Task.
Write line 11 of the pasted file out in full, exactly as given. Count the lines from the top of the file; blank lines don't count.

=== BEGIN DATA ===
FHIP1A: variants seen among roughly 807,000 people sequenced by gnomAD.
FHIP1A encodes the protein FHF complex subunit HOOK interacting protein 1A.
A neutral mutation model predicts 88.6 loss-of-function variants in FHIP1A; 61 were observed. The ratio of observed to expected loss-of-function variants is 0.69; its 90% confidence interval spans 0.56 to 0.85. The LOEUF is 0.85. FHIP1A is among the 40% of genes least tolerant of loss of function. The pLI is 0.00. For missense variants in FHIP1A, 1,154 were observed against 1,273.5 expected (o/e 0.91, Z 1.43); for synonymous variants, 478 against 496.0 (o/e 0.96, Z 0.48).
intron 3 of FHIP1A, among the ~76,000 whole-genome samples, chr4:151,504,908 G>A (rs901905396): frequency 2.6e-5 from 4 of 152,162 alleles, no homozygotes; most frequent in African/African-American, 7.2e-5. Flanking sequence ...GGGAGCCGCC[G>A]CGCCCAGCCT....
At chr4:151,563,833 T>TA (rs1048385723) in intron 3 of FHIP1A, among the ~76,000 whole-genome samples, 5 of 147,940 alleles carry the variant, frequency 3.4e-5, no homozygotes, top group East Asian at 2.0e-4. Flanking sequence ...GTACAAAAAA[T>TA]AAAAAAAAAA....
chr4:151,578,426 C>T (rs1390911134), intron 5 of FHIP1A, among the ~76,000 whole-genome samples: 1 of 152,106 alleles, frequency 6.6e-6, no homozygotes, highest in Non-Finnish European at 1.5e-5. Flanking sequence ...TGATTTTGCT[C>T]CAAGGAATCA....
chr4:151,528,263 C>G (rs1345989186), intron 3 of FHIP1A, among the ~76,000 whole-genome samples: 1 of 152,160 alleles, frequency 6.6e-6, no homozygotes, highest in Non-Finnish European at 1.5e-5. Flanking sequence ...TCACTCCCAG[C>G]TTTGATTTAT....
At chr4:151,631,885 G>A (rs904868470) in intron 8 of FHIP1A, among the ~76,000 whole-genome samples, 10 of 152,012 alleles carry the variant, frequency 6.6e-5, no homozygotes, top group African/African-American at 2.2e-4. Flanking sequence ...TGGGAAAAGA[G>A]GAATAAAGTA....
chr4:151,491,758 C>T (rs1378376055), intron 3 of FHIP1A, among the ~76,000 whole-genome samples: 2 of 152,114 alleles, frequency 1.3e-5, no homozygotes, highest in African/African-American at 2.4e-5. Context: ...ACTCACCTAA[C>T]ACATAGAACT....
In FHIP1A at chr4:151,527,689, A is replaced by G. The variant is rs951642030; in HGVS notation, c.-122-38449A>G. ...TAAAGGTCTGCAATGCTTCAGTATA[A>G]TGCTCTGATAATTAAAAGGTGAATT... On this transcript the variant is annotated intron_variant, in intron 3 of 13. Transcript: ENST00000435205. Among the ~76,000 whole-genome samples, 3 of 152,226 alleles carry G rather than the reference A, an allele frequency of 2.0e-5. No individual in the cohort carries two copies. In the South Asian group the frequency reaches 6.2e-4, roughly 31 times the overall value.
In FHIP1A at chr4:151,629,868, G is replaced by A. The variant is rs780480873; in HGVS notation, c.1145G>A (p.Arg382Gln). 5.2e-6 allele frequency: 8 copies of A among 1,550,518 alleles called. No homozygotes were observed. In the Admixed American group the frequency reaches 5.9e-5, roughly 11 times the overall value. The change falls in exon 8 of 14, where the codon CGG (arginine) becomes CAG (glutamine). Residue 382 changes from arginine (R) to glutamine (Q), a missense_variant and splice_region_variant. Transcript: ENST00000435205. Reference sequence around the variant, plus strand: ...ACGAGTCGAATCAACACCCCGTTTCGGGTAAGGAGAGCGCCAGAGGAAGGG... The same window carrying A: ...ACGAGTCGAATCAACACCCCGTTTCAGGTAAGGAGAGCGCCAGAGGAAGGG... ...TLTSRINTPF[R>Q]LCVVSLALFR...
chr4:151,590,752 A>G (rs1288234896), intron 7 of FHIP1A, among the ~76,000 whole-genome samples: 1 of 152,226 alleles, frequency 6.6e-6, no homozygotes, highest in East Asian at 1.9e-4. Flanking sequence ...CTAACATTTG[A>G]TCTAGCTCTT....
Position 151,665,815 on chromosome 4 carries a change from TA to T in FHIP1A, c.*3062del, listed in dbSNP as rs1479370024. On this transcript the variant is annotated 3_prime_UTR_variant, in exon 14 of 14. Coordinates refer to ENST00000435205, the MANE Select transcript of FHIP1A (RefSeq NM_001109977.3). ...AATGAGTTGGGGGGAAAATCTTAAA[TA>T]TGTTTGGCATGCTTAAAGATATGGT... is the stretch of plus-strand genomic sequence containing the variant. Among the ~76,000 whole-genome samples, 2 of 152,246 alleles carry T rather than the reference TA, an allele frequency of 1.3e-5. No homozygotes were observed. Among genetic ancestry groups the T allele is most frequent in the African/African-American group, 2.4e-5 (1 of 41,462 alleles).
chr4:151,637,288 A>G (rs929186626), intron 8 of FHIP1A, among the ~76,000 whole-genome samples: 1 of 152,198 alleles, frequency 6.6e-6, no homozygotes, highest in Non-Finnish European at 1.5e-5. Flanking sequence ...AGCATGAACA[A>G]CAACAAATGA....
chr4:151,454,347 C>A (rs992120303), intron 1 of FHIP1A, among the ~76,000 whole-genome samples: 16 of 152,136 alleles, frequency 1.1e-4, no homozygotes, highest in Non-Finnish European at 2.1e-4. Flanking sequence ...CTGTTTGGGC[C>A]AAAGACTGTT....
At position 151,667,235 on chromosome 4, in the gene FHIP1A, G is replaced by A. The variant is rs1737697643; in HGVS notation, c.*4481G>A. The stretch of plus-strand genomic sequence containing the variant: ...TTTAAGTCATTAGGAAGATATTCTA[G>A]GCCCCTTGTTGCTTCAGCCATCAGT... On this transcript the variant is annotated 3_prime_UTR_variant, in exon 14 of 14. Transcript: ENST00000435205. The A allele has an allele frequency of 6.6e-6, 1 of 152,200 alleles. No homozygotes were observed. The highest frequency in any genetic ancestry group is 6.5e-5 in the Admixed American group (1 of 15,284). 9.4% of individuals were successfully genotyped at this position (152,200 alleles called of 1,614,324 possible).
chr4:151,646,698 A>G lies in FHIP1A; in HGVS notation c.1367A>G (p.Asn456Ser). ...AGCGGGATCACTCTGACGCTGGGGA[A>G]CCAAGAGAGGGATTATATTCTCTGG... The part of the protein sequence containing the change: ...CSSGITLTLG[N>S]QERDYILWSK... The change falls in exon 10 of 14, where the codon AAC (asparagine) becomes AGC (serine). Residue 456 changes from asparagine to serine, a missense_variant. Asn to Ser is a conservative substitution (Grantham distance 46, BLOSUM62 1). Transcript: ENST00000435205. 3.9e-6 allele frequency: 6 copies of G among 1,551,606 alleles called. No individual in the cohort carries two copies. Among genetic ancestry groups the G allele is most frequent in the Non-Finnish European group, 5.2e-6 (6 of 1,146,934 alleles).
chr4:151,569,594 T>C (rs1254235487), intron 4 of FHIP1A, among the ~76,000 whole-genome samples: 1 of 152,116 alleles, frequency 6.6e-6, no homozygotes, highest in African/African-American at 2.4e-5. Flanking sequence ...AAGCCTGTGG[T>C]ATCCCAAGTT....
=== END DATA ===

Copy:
In FHIP1A at chr4:151,629,868, G is replaced by A. The variant is rs780480873; in HGVS notation, c.1145G>A (p.Arg382Gln). 5.2e-6 allele frequency: 8 copies of A among 1,550,518 alleles called. No homozygotes were observed. In the Admixed American group the frequency reaches 5.9e-5, roughly 11 times the overall value. The change falls in exon 8 of 14, where the codon CGG (arginine) becomes CAG (glutamine). Residue 382 changes from arginine (R) to glutamine (Q), a missense_variant and splice_region_variant. Transcript: ENST00000435205. Reference sequence around the variant, plus strand: ...ACGAGTCGAATCAACACCCCGTTTCGGGTAAGGAGAGCGCCAGAGGAAGGG... The same window carrying A: ...ACGAGTCGAATCAACACCCCGTTTCAGGTAAGGAGAGCGCCAGAGGAAGGG... ...TLTSRINTPF[R>Q]LCVVSLALFR...